iff HJ (B) ≤ A* iff B ≤ 𝒥 (A*) = KJ (A)

Moreover, since A* ≤ KJ (A) iff AKHJ (A*), 𝜏KJ = (𝜏KHJ )*.

(21) (MJ ,MHJ ) is a dual Galois connection;i.e,

MHJ (A) ≤ B iff HJ (A*) ≤ B

iff A* ≤ 𝒥 (B) iff MJ (B) = (𝒥 (B))* ≤ A.

Since MHJ (A*) ≤ A iff MJ (A) ≤ A*, 𝜏MJ = (𝜏MHJ )*.

Let R LX × X be an L-fuzzy relation. Define operators as follows

Example 2.2. Let R be a reflexive L-fuzzy relation. Define 𝒥R : LXLX as follows:

(1) (J1) 𝒥R(A)(y) ≤ R(y, y) → A(y) = A(y): 𝒥R satisfies the conditions (J1) and (J2) from:

Hence 𝒥R is an L-lower approximation operator.

(2) Define HJR(B) = ∨ {A | B ≤ 𝒥R(A)}. Since

then

By Theorem 2.1(2), HJR = HR-1 is an L-upper approximation operator such that (HJR,𝒥R) is a residuated connection;i.e.,

HJR(A) ≤ B iff A ≤ 𝒥R(B).

Moreover, 𝜏HJR = 𝜏𝒥R.

(3) If R is an L-fuzzy preorder, then R-1 is an L-fuzzy preorder. Since

By Theorem 2.1(3), HJR(HJR(A)) = HJR(A): By Theorem 2.1(3), 𝜏HJR = 𝜏𝒥R with

(4) Let R be a reflexive and Euclidean L-fuzzy relation. Since R(x, z) ⊙ R(y, z) ⊙ A*(x) ≤ R(x, y) ⊙ A*(x) iff R(x, z) ⊙ A*(x) ≤ R(y, z) → R(x, y) ≤ A*(x),

Thus, .

By Theorem 2.1(4), 𝒥R(𝒥R(A)) = 𝒥R(A) for ALX.

Thus, 𝜏𝒥R = (𝜏𝒥R)* with

(5) Define Hs(A) = 𝒥R(A*)*. By Theorem 2.1(5), Hs = HR is an L-upper approximation operator such that

Moreover, 𝜏Hs = 𝜏HR = (𝜏HJR )*.

(6) If R is an L-fuzzy preorder, then 𝒥R(𝒥R(A)) = 𝒥R(A) for ALX. By Theorem 2.1(6), then Hs(Hs(A)) = Hs(A) for ALX such that 𝜏Hs = (𝜏𝒥R)* = (𝜏HJR )* with

(7) If R is a reflexive and Euclidean L-fuzzy relation, then

(8) Define KJR(A) = 𝒥R(A*). Then KJR : LXLX with

is an L-join meet approximation operator. Moreover, 𝜏KJR = (𝜏𝒥R)*.

(9) R is an L-fuzzy preorder, then 𝒥R(𝒥R(A)) = 𝒥R(A) for ALX. By Theorem 2.1(9), for ALX such that 𝜏KJR = (𝜏𝒥R)* with

(10) If R is a reflexive and Euclidean L-fuzzy relation, then for ALX. By Theorem 2.1(10), such that

(11) Define MJR(A) = (𝒥R(A))*. Then MJR : LXLX with

is an L-join meet approximation operator. Moreover, 𝜏MJR = 𝜏𝒥R.

(12) If R is an L-fuzzy preorder, then 𝒥R(𝒥R(A)) = 𝒥R(A) for ALX. By Theorem 2.1(12), for ALX such that 𝜏MJR = 𝜏𝒥R with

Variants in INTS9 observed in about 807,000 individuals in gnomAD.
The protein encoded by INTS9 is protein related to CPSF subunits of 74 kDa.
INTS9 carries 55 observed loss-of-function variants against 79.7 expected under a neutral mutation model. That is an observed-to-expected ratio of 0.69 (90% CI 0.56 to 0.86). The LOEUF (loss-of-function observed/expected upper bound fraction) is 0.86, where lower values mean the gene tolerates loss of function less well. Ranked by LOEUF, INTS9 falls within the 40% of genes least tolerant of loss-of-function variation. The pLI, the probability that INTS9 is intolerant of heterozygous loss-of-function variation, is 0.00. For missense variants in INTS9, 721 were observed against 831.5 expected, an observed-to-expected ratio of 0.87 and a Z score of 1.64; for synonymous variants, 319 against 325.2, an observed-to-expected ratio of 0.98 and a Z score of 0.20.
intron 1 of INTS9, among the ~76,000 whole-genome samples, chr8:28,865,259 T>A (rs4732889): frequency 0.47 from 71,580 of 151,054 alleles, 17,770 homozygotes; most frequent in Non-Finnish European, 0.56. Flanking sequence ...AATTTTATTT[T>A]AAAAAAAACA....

(13) If R is a reflexive and Euclidean L-fuzzy relation, then for ALX. By Theorem 2.1(13), such that

(14) Define KHJR (A) = (HJR(A))*. Then

KHJR : LX → LX

with

is an L-join meet approximation operator. Moreover, 𝜏KR-1 = 𝜏𝒥R = 𝜏HR-1 .

(15) If R is an L-fuzzy preorder, then 𝒥R(𝒥R(A)) = 𝒥R(A) for ALX. By Theorem 2.1(15), for ALX such that 𝜏KR-1 = 𝜏𝒥R = 𝜏HR-1 with

(16) Let R-1 be a reflexive and Euclidean L-fuzzy relation. Since

we have

Thus,

Hence

By (K1), such that

(17) Define MHJR (A) = HJR(A*). Then

MHJR : LX → LX

is an L-meet join approximation operator as follows:

Moreover, 𝜏MHJR = (𝜏𝒥R)*.

(18) If R is an L-fuzzy preorder, then 𝒥R(𝒥R(A)) = 𝒥R(A) for ALX. By Theorem 2.1(18),

for ALX such that 𝜏MHJR = (𝜏𝒥 )* with

(19) Let R-1 be a reflexive and Euclidean L-fuzzy relation.

Since

then (R(y, x) → A(x)) ⊙ R(z, y) ≤ R(z, x) → A(x).

Thus,

By (M1), such that

(20) (KHJR = KR-1* ,KJR = KR* ) is a Galois connection; i.e, AKHJR (B) iff BKJR(A): Moreover, 𝜏KJR = (𝜏KHJR )*.

(21) (MJR = MR,MHJR = MR-1 ) is a dual Galois connection; i.e, MHJR (A) ≤ B iff MJR(B) ≤ A. Moreover, 𝜏MJR = (𝜏MHJR )*.

### 3. Conclusions

In this paper, L-lower approximation operators induce L-upper approximation operators by residuated connection. We study relations lower (upper, join meet, meet join) approximation operators, Galois (dual Galois, residuated, dual residuated) connections and Alexandrov L-topologies. Moreover, we give their examples as approximation operators induced by various L-fuzzy relations.

### Conflict of Interest